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OSHO Online Library   »   The Books   »   Krishna: The Man and His Philosophy
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Chapter 21: Choose the Flute or Perish

So the one who decides to be unhappy is condemning the whole world to be unhappy; he might as well say he has decided to punish the whole earth by choosing to be unhappy. And the person who decides to be happy is going to bless the whole to be happy, he is going to add to the song and music of life all over this planet. Therefore a happy person is a religious person; and an unhappy person is utterly irreligious.

I call the man religious who brings happiness to himself and to others. For me, nothing except happiness, blissfulness, is a religious quality. In this sense Krishna is truly a religious person, whose whole being exudes nothing but happiness and bliss. And such a person can bless the whole of mankind, he is a living blessing to the world.

But you ask why did the war of the Mahabharata happen in a civilization that had accepted the flute as its symbol? I say, this happened in spite of Krishna’s flute. Krishna is not the cause of the Mahabharata. There is no relationship whatsoever between the flute and war. But there exists a logical relationship between the cross and war.

The Mahabharata took place in spite of Krishna and his flute. It simply means we are so attached to sorrow, so steeped in misery that even Krishna’s flute fails to bring a ray of hope and joy to our hearts. The flute continued to play, and we plunged into the vortex of war. The flute could not change our sadomasochistic minds; Krishna’s flute could not become our flute too.

It is interesting to know how difficult it is for someone to share in another’s happiness. It is so easy to share in another’s sorrow. You can easily cry with someone crying, but it is so hard to laugh with some one laughing. You can easily sympathize with one whose house has been burned down, but it is arduous to participate in the joys of one who has built himself a beautiful new house. And it is not without some fundamental reasons.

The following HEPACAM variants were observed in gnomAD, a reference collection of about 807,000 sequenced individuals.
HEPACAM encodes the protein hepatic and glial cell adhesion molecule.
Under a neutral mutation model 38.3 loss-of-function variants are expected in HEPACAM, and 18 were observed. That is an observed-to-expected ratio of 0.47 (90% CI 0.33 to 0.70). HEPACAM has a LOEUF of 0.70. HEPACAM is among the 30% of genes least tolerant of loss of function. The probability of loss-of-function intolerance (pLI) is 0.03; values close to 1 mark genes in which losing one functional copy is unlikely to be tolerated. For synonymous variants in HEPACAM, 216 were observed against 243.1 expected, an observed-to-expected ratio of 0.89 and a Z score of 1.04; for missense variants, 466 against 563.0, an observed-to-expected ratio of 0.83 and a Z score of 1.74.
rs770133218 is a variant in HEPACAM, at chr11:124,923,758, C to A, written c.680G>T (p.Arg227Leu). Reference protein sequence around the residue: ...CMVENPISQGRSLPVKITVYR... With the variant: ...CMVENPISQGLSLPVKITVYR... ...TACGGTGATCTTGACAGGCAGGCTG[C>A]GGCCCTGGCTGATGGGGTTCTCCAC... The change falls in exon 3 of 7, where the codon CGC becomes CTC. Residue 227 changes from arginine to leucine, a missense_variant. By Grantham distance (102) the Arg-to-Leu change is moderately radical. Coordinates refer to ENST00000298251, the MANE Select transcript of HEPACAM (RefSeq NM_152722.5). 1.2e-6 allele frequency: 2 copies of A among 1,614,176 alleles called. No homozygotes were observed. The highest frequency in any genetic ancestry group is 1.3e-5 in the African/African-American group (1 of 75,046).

It is easy to come close to Jesus’ cross, because it strikes a note of empathy in our hearts, which are already filled with pain and misery. On the other hand Krishna’s flute will fill our hearts with envy and we will escape from him. Krishna’s bliss will bring up envy in us; it will not find an empathic response from our hearts.

Conversely, the cross will not make us jealous; it will certainly bring up our empathy. The happiness of another creates jealousy, and jealousy turns into misery. So to participate in another’s happiness is really arduous.

It needs extraordinary intelligence to participate in another’s happiness. To share in the joys of another, to make them one’s own is a rare quality; it is of the highest. But to share in another’s sorrow is not that difficult. It is so because we are ourselves burdened with sorrow and suffering; we are already in misery. So we have no difficulty in identifying ourselves with the suffering of others. But if someone is happy we fail to connect with him for the simple reason that we don’t know what happiness is, we are only unhappy in ourselves.

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